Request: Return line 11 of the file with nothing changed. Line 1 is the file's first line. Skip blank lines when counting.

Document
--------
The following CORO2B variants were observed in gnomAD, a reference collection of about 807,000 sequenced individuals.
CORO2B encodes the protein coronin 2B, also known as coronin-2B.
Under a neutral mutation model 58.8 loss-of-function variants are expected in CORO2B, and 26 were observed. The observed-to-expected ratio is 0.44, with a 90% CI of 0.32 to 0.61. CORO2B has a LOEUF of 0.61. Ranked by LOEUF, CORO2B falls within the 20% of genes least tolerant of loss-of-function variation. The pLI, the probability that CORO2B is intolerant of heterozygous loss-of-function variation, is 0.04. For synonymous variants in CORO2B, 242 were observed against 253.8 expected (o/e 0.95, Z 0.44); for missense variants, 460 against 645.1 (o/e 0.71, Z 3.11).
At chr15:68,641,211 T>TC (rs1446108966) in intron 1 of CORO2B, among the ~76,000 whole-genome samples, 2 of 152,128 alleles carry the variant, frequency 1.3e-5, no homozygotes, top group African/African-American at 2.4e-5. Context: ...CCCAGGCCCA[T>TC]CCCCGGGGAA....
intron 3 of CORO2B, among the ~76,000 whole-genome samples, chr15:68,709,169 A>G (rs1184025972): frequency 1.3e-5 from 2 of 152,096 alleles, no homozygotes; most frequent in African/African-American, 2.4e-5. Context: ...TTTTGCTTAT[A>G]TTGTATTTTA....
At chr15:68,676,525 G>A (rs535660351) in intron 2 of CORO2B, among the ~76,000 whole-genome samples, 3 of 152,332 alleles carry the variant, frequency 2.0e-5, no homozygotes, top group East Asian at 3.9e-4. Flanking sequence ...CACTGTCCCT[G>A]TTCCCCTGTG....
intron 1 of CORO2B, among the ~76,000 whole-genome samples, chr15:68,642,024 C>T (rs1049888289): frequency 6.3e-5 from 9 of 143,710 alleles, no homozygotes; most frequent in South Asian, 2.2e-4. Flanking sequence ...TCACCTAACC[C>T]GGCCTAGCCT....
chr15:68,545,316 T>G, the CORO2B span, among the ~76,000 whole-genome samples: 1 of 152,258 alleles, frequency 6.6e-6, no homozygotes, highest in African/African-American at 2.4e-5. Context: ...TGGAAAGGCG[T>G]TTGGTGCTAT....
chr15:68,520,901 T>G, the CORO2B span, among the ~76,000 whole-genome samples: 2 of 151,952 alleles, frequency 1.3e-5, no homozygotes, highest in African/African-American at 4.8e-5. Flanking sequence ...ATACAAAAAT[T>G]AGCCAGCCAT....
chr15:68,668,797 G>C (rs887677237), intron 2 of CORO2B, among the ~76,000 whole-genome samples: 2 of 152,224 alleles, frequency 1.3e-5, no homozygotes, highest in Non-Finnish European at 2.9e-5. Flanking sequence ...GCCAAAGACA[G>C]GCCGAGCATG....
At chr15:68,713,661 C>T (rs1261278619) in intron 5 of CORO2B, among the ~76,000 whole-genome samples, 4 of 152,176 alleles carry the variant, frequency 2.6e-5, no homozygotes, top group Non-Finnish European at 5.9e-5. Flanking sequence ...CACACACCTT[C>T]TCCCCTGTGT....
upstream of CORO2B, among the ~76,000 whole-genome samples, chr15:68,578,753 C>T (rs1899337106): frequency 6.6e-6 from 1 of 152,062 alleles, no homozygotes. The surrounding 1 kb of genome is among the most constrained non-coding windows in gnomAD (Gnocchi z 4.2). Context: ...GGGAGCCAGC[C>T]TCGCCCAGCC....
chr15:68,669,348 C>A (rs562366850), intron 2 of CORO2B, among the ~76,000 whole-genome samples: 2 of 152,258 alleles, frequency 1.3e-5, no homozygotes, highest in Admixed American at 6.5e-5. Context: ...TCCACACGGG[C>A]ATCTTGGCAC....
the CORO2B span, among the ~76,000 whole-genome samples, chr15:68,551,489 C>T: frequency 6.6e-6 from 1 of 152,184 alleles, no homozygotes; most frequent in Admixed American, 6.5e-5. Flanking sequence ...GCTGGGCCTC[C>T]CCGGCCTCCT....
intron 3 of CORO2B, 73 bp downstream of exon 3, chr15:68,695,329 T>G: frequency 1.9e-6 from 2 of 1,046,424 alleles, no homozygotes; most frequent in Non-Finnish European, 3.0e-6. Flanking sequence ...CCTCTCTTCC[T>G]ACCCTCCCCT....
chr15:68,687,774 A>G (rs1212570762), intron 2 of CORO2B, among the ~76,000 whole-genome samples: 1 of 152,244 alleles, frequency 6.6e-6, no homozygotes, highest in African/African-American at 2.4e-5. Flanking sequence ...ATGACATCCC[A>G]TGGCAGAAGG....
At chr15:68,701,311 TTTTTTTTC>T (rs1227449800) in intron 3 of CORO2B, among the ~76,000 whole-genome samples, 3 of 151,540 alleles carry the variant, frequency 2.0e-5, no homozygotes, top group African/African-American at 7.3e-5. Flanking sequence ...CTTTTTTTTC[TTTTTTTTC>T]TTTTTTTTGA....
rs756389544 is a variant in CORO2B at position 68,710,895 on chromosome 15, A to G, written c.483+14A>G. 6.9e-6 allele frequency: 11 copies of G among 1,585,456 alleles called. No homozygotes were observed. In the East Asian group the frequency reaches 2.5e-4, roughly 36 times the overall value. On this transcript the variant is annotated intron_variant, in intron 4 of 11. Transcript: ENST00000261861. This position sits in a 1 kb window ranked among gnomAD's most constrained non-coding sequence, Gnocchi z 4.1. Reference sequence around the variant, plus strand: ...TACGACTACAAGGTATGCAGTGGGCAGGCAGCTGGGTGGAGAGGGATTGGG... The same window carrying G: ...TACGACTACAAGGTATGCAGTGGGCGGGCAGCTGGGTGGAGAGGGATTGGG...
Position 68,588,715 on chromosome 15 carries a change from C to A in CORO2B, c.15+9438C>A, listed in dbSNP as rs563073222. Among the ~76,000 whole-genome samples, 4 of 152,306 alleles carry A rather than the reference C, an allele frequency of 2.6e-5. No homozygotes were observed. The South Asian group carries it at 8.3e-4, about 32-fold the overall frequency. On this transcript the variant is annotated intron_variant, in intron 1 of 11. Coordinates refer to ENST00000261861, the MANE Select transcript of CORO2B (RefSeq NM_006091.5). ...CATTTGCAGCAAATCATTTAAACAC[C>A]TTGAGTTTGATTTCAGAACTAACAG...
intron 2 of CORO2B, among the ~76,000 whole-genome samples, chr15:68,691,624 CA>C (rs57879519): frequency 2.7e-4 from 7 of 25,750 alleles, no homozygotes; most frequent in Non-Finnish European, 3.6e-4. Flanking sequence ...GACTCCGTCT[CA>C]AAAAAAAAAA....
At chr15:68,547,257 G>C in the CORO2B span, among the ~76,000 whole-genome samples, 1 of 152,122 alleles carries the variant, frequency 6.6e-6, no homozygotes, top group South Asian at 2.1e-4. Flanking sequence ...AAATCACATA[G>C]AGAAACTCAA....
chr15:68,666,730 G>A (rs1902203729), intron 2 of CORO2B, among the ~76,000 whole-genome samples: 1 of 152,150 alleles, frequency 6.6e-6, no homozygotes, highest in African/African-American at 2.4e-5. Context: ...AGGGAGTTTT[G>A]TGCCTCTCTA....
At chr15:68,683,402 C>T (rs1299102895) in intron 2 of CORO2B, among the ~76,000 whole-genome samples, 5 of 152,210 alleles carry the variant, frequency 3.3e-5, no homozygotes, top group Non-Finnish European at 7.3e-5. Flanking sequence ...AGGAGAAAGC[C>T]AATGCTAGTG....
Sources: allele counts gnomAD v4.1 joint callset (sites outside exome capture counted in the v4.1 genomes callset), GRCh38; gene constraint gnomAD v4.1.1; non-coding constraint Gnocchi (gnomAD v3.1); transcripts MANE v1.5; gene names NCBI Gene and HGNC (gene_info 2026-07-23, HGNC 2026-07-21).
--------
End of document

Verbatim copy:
At chr15:68,713,661 C>T (rs1261278619) in intron 5 of CORO2B, among the ~76,000 whole-genome samples, 4 of 152,176 alleles carry the variant, frequency 2.6e-5, no homozygotes, top group Non-Finnish European at 5.9e-5. Flanking sequence ...CACACACCTT[C>T]TCCCCTGTGT....